Although scientists elsewhere tend to think of creationism as an American problem, Alan Leshner, AAAS’s chief executive, is right to point out that the U.S. is not alone in the struggle. Success in North Carolina or Texas encourages creationists around the world.
For example, Brazil’s fast-growing evangelical Protestant population is becoming more aggressive in its fight against evolution teaching.
Opposition to creationist teaching should not be seen as an attack on religion. Many individual scientists are religious, but few need to invoke rational design by a creator to account for the amazing array of life on Earth.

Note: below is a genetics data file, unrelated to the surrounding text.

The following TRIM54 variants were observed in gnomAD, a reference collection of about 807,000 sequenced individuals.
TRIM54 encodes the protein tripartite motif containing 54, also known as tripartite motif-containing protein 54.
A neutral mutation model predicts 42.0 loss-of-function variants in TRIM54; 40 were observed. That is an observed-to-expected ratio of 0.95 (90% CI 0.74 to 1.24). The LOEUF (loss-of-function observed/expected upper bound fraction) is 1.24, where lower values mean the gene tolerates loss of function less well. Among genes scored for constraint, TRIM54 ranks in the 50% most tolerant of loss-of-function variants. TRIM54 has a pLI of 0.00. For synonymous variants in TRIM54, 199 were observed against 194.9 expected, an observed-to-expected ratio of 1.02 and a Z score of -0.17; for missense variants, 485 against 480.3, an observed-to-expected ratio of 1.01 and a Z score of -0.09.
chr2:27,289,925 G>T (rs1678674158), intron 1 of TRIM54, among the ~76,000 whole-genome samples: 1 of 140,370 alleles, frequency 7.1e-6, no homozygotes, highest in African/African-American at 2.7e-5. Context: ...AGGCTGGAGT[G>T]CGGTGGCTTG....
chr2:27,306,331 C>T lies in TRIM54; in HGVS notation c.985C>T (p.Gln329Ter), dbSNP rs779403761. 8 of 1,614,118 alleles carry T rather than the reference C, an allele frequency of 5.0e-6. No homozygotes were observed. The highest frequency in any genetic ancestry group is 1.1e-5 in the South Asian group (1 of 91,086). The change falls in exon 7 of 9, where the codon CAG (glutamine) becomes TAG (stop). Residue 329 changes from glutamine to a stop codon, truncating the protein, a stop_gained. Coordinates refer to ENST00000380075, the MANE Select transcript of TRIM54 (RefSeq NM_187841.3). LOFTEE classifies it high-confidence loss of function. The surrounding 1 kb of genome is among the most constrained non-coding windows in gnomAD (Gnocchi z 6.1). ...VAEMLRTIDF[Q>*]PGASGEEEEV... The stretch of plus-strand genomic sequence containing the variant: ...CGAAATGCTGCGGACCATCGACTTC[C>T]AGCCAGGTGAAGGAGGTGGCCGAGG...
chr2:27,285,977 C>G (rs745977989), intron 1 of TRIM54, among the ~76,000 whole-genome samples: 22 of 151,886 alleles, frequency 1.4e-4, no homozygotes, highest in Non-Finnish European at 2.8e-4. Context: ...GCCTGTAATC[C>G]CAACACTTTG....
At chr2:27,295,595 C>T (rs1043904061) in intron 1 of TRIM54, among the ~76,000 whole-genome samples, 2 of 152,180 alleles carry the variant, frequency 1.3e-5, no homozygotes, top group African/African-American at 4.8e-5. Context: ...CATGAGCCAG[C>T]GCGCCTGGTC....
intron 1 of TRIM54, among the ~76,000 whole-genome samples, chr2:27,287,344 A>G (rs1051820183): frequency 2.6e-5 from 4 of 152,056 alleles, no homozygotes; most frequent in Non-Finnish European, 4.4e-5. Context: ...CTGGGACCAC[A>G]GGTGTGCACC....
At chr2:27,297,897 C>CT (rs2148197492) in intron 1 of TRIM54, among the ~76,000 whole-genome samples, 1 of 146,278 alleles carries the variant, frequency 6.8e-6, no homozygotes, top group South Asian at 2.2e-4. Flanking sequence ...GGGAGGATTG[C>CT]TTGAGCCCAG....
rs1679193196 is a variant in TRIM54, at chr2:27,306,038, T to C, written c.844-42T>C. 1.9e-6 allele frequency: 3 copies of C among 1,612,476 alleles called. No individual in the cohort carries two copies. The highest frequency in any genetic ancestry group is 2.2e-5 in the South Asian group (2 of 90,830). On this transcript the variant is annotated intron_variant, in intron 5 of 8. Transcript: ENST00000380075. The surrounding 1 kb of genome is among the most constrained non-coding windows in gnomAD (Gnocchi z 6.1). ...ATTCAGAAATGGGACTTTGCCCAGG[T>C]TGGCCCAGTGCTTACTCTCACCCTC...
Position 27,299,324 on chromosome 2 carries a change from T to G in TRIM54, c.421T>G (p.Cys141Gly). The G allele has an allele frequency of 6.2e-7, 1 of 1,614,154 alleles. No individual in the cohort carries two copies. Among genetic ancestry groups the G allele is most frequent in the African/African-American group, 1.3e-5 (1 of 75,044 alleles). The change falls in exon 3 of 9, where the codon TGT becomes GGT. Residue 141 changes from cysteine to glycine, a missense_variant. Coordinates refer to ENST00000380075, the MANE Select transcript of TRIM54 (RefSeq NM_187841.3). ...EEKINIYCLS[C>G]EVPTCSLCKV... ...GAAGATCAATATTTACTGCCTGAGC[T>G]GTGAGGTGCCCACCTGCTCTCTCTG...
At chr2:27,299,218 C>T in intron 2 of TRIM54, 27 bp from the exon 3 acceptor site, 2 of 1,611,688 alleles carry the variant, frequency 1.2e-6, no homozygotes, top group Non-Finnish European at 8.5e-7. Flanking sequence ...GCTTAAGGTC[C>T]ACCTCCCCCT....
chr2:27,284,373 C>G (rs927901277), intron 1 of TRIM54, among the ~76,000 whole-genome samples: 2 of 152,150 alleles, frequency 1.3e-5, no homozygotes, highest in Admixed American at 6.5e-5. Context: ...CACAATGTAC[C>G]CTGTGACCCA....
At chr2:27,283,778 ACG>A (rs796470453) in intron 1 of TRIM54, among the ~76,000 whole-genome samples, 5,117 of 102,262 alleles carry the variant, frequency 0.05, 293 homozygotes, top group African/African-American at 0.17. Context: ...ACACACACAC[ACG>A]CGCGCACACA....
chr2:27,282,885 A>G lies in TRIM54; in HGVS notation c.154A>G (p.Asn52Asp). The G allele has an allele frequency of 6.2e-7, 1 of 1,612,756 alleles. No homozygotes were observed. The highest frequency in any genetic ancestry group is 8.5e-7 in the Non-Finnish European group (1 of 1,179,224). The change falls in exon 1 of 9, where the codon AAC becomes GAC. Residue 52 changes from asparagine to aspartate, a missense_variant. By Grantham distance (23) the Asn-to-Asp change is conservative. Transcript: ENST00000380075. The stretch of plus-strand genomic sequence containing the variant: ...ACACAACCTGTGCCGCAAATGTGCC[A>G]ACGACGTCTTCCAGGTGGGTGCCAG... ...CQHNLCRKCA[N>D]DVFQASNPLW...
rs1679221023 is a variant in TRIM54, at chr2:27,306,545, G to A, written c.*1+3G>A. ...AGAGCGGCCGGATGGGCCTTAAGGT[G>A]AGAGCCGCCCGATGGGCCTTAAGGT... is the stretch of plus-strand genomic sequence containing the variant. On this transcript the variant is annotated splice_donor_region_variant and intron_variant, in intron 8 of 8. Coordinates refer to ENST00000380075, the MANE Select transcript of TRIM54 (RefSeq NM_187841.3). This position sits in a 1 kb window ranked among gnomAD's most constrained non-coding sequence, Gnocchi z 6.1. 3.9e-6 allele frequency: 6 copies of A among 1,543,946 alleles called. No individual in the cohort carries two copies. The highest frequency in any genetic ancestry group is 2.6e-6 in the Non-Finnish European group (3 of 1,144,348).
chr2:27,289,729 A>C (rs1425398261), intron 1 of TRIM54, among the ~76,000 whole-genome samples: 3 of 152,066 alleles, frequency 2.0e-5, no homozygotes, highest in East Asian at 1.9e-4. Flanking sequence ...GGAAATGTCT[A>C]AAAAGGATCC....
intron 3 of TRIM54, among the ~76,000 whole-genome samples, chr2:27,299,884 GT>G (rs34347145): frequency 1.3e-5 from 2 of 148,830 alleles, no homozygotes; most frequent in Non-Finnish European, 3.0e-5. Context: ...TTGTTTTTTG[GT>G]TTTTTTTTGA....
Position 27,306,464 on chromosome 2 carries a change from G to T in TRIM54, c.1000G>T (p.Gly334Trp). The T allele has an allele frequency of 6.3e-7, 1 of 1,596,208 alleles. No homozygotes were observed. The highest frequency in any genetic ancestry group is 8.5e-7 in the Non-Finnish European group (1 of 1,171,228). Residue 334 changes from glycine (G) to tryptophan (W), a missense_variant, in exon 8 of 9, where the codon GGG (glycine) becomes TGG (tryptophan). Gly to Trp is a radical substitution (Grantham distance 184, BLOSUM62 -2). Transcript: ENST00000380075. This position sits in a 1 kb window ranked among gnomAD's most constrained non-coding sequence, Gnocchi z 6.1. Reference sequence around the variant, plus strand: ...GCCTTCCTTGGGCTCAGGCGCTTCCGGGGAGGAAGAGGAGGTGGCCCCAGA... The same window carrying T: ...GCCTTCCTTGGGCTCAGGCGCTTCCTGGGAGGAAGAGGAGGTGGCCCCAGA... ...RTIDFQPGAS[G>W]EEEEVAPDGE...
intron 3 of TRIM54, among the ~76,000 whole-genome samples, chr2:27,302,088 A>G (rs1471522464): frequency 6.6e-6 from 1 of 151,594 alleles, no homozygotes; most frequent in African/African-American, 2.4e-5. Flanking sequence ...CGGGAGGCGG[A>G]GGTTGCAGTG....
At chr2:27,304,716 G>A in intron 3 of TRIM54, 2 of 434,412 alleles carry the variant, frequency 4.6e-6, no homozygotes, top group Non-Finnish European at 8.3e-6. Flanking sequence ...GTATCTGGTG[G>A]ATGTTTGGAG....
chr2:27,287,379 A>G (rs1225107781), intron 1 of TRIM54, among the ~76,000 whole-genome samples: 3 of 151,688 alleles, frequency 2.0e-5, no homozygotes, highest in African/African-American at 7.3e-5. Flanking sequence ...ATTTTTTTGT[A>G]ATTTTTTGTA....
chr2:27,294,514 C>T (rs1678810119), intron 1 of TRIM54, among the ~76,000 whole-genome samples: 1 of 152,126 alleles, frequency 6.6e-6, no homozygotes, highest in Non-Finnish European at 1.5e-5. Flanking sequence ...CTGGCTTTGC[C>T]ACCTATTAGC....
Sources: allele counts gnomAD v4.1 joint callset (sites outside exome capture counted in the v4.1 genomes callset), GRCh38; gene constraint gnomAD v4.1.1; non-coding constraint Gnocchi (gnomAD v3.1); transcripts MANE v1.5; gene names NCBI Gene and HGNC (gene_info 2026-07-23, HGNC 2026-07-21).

We must reject the creationists’ argument that evolution and intelligent design are alternative theories that should be given equal attention. On some questions—the Earth is round, Nazis were responsible for the Holocaust, HIV causes AIDS—there is a consensus of academic opinion. As last week’s events in Rome have shown, faith plays a vital role in modern life. But its place is not in science lessons.